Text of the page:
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Cold rating of the Everest boot

What modern testing techniques indicate about the successful design and production of the 1953 Everest boot.

by Maria Agueda Sanchez

Image © Jeffsnyder |

Mankind’s history is all about facing up to a challenge – about pushing the boundaries to go a step further and explore the unknown. Some 60 years ago, two men stood on top of the world for the very first time, stretching the limits of human capabilities. It was 11:30am on Friday 29th May 1953 when New Zealander Edmund Hillary and Sherpa Tenzing Norgay made their way to the summit of Mount Everest – the highest mountain on Earth, which stands 29,029 feet (8,848m) above sea level.

This great feat was only possible with the correct equipment. According to members of the expedition, footwear was second only to oxygen equipment in importance. Lack of oxygen and frostbite damage to feet were the obstacles that prevented previous expeditions from succeeding and needed to be tackled. To address the latter problem, scientists from the British Everest Expedition team worked with SATRA to design, construct and deliver the high altitude boots that would later be worn at the top of the world.

Ensuring footwear is fit for purpose

It is obviously important that the design of any type of footwear is in context with its intended use. Different applications call for different materials and designs and, as such, a shoemaker needs to know the conditions to which the product will be exposed. For example, materials used in a running shoe intended to be used on a sports track will differ from those selected for footwear conceived for trail running in the mountains. The trail running shoe will impact on a harder and much rougher surface on every strike, so it will need a soling material that is able to provide a higher degree of support and ground insulation.


SATRA head of shoemaking, Ron Skillman (right), with two colleagues making up the British Everest Expedition’s boots

Making sure that footwear is ‘fit for purpose’ becomes even more critical when the wearer is going to be exposed to conditions that pose a real risk to human wellbeing – such as the environment to be encountered in the Himalayas. In May 1953, temperatures in the region of -20°C to -30°C and 50mph winds were expected during the ascent. The combination of these two factors gave a resultant thermal sensation, (often referred to as the ‘wind chill index’) as low as -50°C. Very high thermal insulation and lightweight footwear was essential. The team would have to carry the boots with the rest of the supplies many miles to their base camp. Essentially, the boots were disposable items designed for only at most a few weeks’ wear for the final assault to the summit, and only at an altitude above 23,000 feet.

The boots, weighing just 1.9kg per pair, were far lighter than any other mountaineering footwear available at the time. Although liquid water was not likely to be present at such high altitudes, some degree of water resistance was also important. The glace kid upper leather was treated with a silicone compound to increase its water resistance. As additional protection, an outer cover made from a polyurethane-coated fabric was also incorporated.


SATRA Everest boots, one with a transverse cut highlighting upper, insulation and lining

Protection against cold or thermal insulation in footwear is primarily achieved by trapping and keeping dry air, which is known to be a good insulator. Low density materials that contain space for air (such as nonwoven textiles) are most suitable for this purpose. A 25mm thick nonwoven web of kapok fibres (cotton-like fluff obtained from the seed pods of the tree Ceiba Pentandra) was chosen to procure the thermal insulating properties to the Everest boot. However, selecting the correct materials does not guarantee that the desired overall thermal performance will be achieved. This is because such performance is also influenced by other contributing factors which need to be carefully considered. If a material becomes compressed, it will reduce its volume and thus less of it will be available to trap air. This could potentially jeopardise the insulating properties of the material, hence the importance of a good fitting and lasting process in the shoemaking.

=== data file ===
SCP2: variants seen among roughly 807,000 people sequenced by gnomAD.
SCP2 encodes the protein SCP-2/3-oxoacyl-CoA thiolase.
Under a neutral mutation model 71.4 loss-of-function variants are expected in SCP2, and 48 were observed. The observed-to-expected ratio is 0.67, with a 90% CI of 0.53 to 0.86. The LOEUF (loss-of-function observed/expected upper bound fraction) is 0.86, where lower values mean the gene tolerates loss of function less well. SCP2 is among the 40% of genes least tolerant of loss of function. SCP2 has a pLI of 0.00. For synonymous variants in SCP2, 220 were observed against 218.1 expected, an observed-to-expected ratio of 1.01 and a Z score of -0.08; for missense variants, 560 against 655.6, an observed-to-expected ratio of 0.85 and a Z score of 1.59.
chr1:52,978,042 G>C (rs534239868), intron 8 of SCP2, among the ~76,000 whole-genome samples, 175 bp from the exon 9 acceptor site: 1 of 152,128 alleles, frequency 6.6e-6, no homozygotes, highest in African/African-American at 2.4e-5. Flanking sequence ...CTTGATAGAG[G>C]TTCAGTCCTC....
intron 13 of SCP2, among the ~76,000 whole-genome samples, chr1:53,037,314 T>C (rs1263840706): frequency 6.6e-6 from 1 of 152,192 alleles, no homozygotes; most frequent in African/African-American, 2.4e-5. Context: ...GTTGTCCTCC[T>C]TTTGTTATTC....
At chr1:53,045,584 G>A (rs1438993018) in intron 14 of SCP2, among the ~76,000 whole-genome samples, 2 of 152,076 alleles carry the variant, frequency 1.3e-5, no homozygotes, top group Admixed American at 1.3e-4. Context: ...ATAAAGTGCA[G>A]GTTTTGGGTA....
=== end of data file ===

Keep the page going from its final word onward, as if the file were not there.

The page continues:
Sir Edmund Hillary (centre) visiting SATRA after the successful 1953 expedition

Likewise, the ability to oppose heat loss will be affected if the insulating material gets damp, either from water ingress or perspiration. The reason for this is that water is a good heat conductor, and so is very efficient at transferring away heat. This means that damp materials will feel cold and, more importantly, they will make wearers vulnerable to frostbite in cold conditions. It is clear from SATRA’s archives and the remaining boots in our possession that the designers (and shoemakers) took great care to ensure the insulation potential of the kapok layer was not unduly compromised, either in shoemaking or while the boots were being worn. Compression of the layer of kapok in shoemaking had to be minimised. This was achieved by ensuring that the patterns provided sufficient allowance for thickness of the kapok and by careful control in the hand-lasting process.

Providing a means of keeping the layer dry in wear was critical. The designers realised that the key threat would come from within the footwear rather than from outside. This is because at the temperatures at which the footwear was to be worn, the climbers’ strenuous activity would inevitably lead to the generation of foot perspiration. A barrier in the upper between the foot and the layer of kapok was needed, and this was provided by a rubberised fabric, referred to as a ‘vapour barrier’. It was recognised that the wearer’s hose may have become wet as a result but, in this very particular set of circumstances, this was not considered important provided the wearer’s feet were warm.

Assessing the whole shoe

As previously mentioned, there are many factors that come into play when it comes to delivering an expected performance level. Thus, it is important to test not only the thermal insulation properties of the materials, but also of the whole shoe. Testing the insulating properties of whole footwear can be done by subjecting humans to a variety of activities in cold temperatures. This is carried out in a climatic chamber, which replicates the predicted conditions that will be faced in wear. The Everest boots were successfully tested in this way in the 1950s as a means to assess their suitability for cold weather. However, this method poses some disadvantages. The main drawbacks are the high cost associated with a test of this nature, and its reliability on human subjects.